Count me among those skeptical of rebooting the Spider-Man series just five years after its prior entry, the scatter-brained Spider-Man 3.

It didn’t help that this version appeared to be employing a very similar tone and visual style.  Why bother rebooting if it looks
indistinguishable from the prior series of films?

I was wrong.

Despite its similarities, The Amazing Spider-Man is an energetically directed, superbly cast and extremely fun piece of pop entertainment.

The film is truly led by its leads, a couple rising stars in Andrew Garfield and Emma Stone.

Garfield is a great Peter Parker, striking the perfect balance of awkward comic timing and heroic drama.

Perhaps even better is the lovely Emma Stone as fellow student and love interest Gwen Stacy.  Like Garfield, Stone’s performance is filled
with youthful energy and the two have a great chemistry.

The best moments of the film feature their interactions and they are just fun to watch together.

The supporting cast is also filled with good performances from Denis Leary, Martin Sheen and Sally Field.

Unfortunately, Rhys Ifans is wasted as Dr. Curt Connors aka The Lizard.  The glaring weak spot in The Amazing Spider-Man is its villain.  He is
a completely stock baddie with no believable motive and little real menace.

Thankfully, the film doesn’t focus too much on Connors, and director Marc Webb (Yes, Webb) always keeps Parker and Stacy as our focal
point.

A relative newcomer, Webb shows great potential in juggling a large, action-filled production without sacrificing character.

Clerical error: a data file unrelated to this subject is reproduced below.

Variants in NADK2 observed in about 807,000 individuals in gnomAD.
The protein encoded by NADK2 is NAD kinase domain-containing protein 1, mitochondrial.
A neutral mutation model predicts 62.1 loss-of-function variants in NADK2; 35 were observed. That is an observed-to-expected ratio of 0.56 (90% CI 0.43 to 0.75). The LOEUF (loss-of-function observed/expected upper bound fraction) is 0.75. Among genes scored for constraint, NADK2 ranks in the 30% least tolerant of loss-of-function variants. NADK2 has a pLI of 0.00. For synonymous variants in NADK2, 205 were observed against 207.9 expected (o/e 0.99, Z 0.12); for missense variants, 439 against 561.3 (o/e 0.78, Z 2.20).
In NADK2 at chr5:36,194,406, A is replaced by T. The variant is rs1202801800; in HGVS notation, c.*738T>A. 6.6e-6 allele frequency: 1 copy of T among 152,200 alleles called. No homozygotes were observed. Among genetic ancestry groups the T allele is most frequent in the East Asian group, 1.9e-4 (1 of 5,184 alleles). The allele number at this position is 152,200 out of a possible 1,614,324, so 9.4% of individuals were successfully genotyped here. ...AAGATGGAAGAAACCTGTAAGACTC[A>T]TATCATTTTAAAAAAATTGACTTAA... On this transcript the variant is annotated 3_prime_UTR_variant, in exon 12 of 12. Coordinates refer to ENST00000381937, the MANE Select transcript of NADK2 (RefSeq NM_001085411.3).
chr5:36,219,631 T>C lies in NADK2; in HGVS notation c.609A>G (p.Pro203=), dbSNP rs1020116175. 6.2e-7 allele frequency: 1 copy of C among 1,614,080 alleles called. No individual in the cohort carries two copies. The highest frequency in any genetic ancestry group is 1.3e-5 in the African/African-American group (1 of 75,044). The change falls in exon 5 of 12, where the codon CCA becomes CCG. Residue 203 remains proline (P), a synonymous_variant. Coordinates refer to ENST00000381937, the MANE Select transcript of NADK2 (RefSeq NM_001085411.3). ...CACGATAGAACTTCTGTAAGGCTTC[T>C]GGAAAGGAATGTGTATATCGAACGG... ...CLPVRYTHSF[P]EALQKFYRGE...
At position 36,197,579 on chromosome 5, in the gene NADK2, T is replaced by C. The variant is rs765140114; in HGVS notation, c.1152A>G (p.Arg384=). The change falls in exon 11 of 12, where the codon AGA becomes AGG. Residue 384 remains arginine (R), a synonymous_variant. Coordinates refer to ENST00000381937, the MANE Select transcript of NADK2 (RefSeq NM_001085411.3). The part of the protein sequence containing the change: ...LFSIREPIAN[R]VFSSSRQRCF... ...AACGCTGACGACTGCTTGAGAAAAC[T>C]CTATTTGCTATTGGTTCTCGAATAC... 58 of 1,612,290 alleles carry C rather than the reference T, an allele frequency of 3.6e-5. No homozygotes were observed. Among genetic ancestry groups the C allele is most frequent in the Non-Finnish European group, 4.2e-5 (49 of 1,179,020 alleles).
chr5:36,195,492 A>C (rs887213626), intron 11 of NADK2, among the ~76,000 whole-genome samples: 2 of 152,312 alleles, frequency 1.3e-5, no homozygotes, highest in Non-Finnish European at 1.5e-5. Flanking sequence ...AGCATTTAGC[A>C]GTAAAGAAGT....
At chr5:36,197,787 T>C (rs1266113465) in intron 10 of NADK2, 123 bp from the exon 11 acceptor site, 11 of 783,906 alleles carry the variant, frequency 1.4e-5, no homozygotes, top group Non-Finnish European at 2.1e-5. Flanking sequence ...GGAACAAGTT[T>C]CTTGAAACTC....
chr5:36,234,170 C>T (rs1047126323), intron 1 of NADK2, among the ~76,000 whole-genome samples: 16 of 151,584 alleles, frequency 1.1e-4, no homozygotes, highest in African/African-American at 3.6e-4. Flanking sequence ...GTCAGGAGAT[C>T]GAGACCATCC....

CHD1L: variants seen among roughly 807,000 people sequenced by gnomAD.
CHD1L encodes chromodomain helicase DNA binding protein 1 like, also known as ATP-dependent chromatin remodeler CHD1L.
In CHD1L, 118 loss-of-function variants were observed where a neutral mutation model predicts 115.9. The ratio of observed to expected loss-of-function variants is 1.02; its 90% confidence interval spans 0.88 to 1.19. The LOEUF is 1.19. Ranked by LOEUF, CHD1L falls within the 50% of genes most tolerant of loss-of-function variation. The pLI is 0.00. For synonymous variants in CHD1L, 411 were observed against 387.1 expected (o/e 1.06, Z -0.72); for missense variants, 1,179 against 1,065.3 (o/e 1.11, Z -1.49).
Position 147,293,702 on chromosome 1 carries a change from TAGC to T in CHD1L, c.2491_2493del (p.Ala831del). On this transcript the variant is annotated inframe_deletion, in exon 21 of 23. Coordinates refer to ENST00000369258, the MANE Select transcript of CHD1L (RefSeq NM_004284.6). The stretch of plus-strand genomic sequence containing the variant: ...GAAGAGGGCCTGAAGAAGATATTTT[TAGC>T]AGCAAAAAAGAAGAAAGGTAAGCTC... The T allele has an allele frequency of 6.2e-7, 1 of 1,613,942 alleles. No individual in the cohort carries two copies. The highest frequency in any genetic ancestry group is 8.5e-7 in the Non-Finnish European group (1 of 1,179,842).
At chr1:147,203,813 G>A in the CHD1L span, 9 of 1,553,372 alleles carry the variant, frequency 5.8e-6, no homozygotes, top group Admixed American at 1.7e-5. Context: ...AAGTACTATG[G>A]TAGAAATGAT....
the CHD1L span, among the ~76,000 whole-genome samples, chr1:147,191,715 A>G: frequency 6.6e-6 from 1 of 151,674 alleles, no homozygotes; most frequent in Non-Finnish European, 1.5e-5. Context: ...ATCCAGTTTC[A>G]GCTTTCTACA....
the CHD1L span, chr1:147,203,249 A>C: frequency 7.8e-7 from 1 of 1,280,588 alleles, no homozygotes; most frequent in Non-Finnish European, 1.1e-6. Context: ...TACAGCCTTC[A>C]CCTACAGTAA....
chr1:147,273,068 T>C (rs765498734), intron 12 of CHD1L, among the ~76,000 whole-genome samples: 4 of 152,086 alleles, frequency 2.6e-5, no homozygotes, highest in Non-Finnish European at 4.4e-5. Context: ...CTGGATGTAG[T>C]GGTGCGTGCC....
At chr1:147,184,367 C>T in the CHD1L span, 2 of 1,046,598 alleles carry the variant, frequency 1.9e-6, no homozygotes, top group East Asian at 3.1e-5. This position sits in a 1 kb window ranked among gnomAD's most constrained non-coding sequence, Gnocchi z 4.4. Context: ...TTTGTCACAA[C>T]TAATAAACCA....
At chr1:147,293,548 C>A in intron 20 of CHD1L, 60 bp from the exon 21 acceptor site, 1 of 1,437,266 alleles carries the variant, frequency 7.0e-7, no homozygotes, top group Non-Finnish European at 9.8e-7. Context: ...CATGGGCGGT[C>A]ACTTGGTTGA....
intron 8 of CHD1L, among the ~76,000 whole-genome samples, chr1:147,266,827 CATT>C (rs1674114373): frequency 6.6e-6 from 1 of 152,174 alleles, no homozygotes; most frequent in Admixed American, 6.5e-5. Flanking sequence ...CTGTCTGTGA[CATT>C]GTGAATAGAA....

There is a great energy to Webb’s film and the performances are equally enthusiastic.

I also found some of Webb’s POV camerawork for Spidey’s web-swinging to be quite stunning, especially when it leads to the trademark
suit's first grand reveal.

I also have to give a lot of credit to the director for employing a classical orchestral score and utilizing it brilliantly.  Composer James
Horner’s music is really excellent and a refreshing change of pace from the usual rock/electronic-infused tendencies of some of the recent
superhero scores.

The score soars with optimism and a heroic title theme and elevates the film’s most thrilling and dramatic moments.

The visual effects are also light years ahead of the occasionally miserable work in the previous trilogy.  Director Sam Raimi’s 2002 original
has always looked particularly awful.

It’s hard not to compare the two films as they contain many of the same plot points relating to the web-slinger’s origins.

I wouldn’t say either is exclusively better than the other.  Raimi’s original had his inventive visual style and some key events, particularly
Uncle Ben’s death, are a bit more dramatically accomplished in the previous film.

It also had the benefit of Willem Dafoe’s far more entertaining Green Goblin.

But overall, The Amazing Spider-Man stands up well and is arguably a better overall film because of its extremely likeable cast and Webb’s
more focused direction.

Both are good films, however, and the core players of Webb, Garfield and Stone show great potential for the inevitable future installments
to be even better.

Despite all the skepticism and reservation, the movie wins us over in the best way possible.  We love its characters and its great sense of
fun is infectious.

It succeeds so well in this regard that we can look past the film’s obvious flaws.

There may be a prevailing sense of déjà vu to the plot and its villain is ultimately forgettable, but The Amazing Spider-Man is just too much
fun to write off.  With a great cast and a sure-handed director, there may be true greatness in this new series’ future.  It just needs to find
its own path.

* * *
(out of four)
THE AMAZING SPIDER-MAN
Directed by: Marc Webb

Written by: James Vanderbilt and Alvin Sargent and
Steve Kloves

Starring: Andrew Garfield, Emma Stone, Rhys Ifans,
Denis Leary, Martin Sheen, Sally Field, Irrfan Khan

Music by: James Horner
Cinematography by: John Schwartzman

Released: July 3, 2012; 136 Minutes